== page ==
Philanthropists making ‘crucial difference’ in coronavirus crisis

The scientific battle against COVID-19 is accelerating thanks to charitable donations, President Alice Gast writes in the Financial Times.

Philanthropic gifts can unlock multiple, sometimes radical, approaches as we race to understand coronavirus, she argues in the paper.

In a crisis, you need flexibility and lateral thinking. Philanthropists offer just that when every day of lab time matters,” she says.

Such gifts have helped Professor Robin Shattock as he develops a vaccine: “Professor Shattock spent days of precious lab time applying, lobbying and cajoling for funding to move his vaccine forward. Fortunately, donors stepped up to bridge the funding gap before the UK government contributed a further £22.5m last month to take the vaccine through phase II trials.”

More than £4 million of philanthropic support is helping advance this work. “Even now, with this significant government investment, philanthropists can make a crucial difference. If Prof Shattock’s team can run parallel trials overseas, they will get faster results, receive swifter approval from regulators and be able to expand manufacturing worldwide.”

Hundreds of supporters of Imperial’s COVID-19 Response Fund are “enabling rapid, rolling distribution of grants to high-potential research, including a low-cost open source ventilator and a lab-free coronavirus test that produces results in about an hour.”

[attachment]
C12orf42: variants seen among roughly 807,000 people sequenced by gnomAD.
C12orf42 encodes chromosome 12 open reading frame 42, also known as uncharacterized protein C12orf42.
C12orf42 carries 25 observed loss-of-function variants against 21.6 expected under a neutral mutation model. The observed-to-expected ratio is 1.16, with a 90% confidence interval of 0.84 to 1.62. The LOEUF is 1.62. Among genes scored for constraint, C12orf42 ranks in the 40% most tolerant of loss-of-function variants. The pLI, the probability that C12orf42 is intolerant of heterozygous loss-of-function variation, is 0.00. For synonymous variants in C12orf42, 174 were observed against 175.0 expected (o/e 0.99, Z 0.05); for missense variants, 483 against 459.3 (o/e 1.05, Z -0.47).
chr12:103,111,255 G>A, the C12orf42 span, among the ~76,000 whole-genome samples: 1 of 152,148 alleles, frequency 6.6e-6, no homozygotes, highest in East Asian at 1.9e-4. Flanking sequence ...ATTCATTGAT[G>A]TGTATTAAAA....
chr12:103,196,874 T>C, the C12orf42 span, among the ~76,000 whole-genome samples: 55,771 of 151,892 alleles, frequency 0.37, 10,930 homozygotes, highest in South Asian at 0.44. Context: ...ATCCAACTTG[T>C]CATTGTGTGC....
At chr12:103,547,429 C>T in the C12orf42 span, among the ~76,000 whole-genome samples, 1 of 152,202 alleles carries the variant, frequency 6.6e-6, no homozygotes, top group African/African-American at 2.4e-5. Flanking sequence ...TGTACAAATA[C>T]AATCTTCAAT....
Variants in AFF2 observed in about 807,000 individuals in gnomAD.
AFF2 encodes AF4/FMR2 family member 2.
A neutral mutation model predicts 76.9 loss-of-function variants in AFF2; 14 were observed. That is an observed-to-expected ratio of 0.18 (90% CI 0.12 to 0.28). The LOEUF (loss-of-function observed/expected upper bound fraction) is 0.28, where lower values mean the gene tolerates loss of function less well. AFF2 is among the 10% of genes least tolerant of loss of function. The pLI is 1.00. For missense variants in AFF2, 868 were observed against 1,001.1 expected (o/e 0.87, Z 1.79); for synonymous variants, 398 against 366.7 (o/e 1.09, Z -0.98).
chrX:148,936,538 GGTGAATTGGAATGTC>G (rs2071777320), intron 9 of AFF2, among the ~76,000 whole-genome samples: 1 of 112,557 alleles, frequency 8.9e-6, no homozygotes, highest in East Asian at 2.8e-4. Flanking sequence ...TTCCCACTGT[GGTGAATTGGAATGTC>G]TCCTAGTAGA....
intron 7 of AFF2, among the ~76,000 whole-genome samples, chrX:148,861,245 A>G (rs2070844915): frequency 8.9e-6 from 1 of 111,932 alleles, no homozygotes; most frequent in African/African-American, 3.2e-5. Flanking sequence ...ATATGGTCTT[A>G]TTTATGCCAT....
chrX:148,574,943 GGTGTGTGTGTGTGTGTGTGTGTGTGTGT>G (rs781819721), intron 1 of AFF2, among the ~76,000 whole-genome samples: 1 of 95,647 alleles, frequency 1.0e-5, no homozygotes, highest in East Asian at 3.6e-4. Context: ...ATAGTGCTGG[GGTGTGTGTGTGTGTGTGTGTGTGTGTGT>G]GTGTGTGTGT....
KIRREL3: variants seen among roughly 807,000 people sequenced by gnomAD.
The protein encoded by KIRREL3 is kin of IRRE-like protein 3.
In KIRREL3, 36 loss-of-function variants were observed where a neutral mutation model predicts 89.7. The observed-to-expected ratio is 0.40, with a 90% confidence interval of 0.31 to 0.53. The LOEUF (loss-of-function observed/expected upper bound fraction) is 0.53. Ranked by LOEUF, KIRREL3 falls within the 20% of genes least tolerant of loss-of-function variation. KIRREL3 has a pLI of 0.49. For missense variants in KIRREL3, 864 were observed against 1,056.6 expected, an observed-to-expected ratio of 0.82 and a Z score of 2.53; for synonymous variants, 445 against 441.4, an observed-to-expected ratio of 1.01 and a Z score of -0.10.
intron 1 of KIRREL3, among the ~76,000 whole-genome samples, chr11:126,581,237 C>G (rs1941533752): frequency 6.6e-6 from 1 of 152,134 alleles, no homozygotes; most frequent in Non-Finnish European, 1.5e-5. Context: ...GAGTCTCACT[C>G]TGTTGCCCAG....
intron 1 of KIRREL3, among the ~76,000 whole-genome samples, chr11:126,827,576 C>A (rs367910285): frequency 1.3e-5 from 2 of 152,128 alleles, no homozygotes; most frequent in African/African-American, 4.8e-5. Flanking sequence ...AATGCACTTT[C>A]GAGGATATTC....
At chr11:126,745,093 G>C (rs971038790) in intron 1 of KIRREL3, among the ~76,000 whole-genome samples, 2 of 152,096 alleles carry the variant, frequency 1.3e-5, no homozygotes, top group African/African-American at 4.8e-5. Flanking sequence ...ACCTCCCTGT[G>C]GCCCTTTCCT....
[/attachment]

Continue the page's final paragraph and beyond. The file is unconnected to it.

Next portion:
Community Jameel: global impact

Professor Gast highlighted the contributions the global philanthropy Community Jameel which founded J-IDEA, the Abdul Latif Jameel Institute of Disease and Emergency Analytics, led by Professor Neil Ferguson, one of the world’s most influential epidemiologists.

Professor Gast wrote: “A few months ago, the night before we launched the Jameel Institute for Emergency and Disease Analytics (J-IDEA) at Imperial’s School of Public Health, leaders of another academic group supported by Community Jameel, this one in Massachusetts — the Jameel Poverty Action Lab, J-PAL, at MIT — were announced as the winners of the Nobel Prize in economics. It was appropriate recognition of the impact that J-PAL had already had on reducing poverty for millions of people around the world. It was also a fitting tribute to Mohammed Jameel, a philanthropist who supports academic projects that could not otherwise have thrived any other way.”

The full opinion piece can be read in today’s Financial Times.

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